Economy. Employment – Pensions – Taxation. Economist Philippe Villemus believes that Emmanuel Macron has managed the health crisis with a little luck and big decisions. And benefits from a sharp drop in unemployment.
It is difficult to draw an economic and social balance sheet when two crises, one of which is completely unprecedented, disturb the operation of the machine: Philippe Villemus, our expert, succeeds in doing so and draws attention to an indicator that could be important: the sharp drop unemployment.
Economy, social, employment, retirement, taxation
Maintain the retirement age.
Replace wealth tax (ISF) with real estate wealth tax (IFI).
Lower corporation tax from 33.3% to 25%.
Link the RSI to the general social security scheme.
Extend unemployment benefits and condition them.
Increase net wages by eliminating employee contributions.
Help companies to welcome more young people on work-study programs and bring together the different contracts.
Enabling all workers to qualify for unemployment insurance.
Increase the activity bonus by 50%.
Partially kept promises
Lower unemployment to 7%.
Open unemployment insurance to employees who resign.
Increase the CSG by 1.7 points without affecting modest retirees.
Increase the minimum old age and reduce old-age poverty.
Provide the self-employed with the same rights as the general scheme.
-0.5% of structural deficit GDP in 2022.
Reduce the share of public expenditure to 52% of GDP in 2022.
Save 60 billion over the five-year term.
Eliminate 120,000 civil servant positions.
Convergence of pension schemes.
Fight more against social fraud.
Reserve European public contracts for companies operating in Europe.
1. An impossible assessment
Emmanuel Macron, man of the “start-up nation” had bet a lot on his economic program. Five years later, however, Philippe Villemus says it bluntly: “We cannot draw an economic balance sheet. Neither for good nor for bad.” The cause “to two hazards, one of which is totally unprecedented in the history of France: the pandemic”.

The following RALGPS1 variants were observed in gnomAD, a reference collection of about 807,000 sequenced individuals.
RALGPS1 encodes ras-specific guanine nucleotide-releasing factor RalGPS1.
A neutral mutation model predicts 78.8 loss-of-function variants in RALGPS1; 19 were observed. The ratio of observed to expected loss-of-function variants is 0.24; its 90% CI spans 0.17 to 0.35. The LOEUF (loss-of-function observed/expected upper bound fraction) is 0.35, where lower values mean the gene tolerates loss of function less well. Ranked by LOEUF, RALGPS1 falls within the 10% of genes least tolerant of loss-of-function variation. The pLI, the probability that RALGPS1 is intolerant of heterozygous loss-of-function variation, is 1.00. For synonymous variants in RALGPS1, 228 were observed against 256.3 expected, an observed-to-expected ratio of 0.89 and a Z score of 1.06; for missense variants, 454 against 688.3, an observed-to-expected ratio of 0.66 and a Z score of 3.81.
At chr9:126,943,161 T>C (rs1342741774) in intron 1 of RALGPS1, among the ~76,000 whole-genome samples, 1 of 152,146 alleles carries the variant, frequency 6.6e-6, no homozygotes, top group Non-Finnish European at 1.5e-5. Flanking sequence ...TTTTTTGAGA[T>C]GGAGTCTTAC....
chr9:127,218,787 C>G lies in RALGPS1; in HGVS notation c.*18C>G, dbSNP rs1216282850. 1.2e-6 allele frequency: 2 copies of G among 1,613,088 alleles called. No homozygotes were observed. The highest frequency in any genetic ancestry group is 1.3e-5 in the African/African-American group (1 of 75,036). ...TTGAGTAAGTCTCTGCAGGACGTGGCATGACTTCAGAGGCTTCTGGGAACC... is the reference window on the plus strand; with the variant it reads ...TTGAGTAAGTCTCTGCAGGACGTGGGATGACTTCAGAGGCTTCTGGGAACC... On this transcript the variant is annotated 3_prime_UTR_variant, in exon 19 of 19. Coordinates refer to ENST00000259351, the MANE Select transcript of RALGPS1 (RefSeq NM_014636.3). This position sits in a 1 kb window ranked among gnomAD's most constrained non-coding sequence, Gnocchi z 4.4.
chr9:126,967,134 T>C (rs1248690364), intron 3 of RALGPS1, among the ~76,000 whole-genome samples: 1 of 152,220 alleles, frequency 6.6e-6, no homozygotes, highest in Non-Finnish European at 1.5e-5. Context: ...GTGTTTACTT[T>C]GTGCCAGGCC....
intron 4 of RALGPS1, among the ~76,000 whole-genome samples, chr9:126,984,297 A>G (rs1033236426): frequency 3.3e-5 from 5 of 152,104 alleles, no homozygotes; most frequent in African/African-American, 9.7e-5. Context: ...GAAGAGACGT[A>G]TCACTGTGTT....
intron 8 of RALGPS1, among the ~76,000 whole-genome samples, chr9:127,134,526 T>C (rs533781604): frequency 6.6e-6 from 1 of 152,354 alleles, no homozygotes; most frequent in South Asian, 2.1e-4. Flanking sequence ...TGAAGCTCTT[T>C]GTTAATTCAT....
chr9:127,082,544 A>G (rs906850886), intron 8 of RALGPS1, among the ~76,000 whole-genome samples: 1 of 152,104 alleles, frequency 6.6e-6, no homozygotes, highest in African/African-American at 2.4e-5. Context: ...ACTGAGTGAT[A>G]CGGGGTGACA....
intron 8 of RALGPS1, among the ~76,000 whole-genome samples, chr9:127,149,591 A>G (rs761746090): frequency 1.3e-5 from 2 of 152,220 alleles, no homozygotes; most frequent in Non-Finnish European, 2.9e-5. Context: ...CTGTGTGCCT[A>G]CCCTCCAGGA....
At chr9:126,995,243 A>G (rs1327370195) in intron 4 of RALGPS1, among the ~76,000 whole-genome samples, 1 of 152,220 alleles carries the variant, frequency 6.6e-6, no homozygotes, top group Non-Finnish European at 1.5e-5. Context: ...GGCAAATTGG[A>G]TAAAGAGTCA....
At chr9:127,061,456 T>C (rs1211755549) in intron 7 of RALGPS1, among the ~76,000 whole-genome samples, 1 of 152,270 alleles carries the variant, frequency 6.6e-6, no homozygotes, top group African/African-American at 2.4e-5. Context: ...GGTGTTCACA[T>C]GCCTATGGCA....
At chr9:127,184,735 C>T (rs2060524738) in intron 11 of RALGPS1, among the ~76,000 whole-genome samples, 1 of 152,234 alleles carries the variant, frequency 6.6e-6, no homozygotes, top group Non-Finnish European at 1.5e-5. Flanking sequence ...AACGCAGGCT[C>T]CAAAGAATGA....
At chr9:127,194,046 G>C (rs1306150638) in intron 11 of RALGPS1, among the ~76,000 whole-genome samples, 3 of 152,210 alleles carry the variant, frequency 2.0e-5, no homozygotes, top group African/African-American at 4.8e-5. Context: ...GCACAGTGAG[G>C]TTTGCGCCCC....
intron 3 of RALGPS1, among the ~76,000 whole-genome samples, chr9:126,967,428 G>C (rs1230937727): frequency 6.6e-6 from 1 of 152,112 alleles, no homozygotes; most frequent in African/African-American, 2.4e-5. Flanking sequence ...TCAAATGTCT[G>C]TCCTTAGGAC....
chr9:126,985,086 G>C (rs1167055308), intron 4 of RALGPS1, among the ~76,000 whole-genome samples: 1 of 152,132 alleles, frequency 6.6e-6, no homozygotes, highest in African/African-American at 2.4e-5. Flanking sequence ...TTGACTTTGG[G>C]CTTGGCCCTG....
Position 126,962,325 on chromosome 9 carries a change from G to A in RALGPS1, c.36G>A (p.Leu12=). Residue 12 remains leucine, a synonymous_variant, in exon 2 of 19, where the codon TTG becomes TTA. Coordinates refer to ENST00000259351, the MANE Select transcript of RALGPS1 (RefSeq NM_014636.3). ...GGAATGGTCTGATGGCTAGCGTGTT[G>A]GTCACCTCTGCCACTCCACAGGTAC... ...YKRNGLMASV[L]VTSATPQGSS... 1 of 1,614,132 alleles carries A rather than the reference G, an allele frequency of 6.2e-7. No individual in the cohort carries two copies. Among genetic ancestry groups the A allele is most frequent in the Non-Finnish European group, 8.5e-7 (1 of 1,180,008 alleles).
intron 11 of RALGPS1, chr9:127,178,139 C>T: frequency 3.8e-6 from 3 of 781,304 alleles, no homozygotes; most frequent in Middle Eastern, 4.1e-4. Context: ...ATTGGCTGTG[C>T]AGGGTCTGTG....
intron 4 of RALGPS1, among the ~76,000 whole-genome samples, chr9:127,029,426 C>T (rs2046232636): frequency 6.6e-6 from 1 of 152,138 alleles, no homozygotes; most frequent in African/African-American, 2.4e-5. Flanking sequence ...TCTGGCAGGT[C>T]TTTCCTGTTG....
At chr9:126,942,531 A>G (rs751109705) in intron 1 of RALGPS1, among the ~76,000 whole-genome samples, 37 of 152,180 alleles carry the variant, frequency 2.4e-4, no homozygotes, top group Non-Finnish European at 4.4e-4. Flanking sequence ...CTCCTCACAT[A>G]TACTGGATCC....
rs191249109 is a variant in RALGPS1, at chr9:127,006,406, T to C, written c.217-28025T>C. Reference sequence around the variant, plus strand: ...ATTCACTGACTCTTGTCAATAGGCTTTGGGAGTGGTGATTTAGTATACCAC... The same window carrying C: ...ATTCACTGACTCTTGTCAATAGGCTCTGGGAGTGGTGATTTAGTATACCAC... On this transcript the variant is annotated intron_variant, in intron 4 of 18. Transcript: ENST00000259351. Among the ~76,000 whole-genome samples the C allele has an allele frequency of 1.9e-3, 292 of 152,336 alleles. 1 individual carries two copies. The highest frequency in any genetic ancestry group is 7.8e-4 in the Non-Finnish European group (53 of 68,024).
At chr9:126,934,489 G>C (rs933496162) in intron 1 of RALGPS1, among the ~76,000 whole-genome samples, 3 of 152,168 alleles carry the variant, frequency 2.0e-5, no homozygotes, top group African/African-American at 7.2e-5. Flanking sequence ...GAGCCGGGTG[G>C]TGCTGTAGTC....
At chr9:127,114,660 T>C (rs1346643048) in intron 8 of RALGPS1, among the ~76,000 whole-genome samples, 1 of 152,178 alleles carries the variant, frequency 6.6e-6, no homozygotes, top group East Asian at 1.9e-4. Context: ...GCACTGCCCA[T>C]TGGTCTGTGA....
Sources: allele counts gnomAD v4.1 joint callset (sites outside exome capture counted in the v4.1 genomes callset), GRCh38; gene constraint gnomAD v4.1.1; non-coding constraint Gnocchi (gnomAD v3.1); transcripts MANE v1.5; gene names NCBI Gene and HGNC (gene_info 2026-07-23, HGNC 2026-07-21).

In 2020, France will experience its worst recession since 1945 with -8% “followed by a year at +5%. That means absolutely nothing. The pandemic has confined people but also the economy. And it has confined reforms”. In 2022, an initial assessment could have been made with a fairly strong recovery, but falls “a second hazard with the war in Ukraine which will generate global uncertainty. Confidence is the first pillar of economic growth. And with these two hazards we see a surge in inflation”.
2. Emmanuel Macron, the baraka?
Although two major crises have hit the President’s five-year term, Philippe Villemus believes that Emmanuel Macron “got the baraka. Because when he came to power, he benefited from a situation that was improving on the global level. When he was elected, France was doing better. Unemployment began to fall and growth resumed “.
The economist de facto believes that Emmanuel Macron’s balance sheet can only relate to “the management of the pandemic. And objectively, we can only note that in broad outline, it was well carried out with partial unemployment and the numerous aids which avoided a major crisis”.
3. The great measure of “whatever it takes”
According to Philippe Villemus, the flagship measure is “whatever the cost”. This criticized decision was a great decision, perhaps among the greatest of the last 20 years at the level of a government”notes the economist.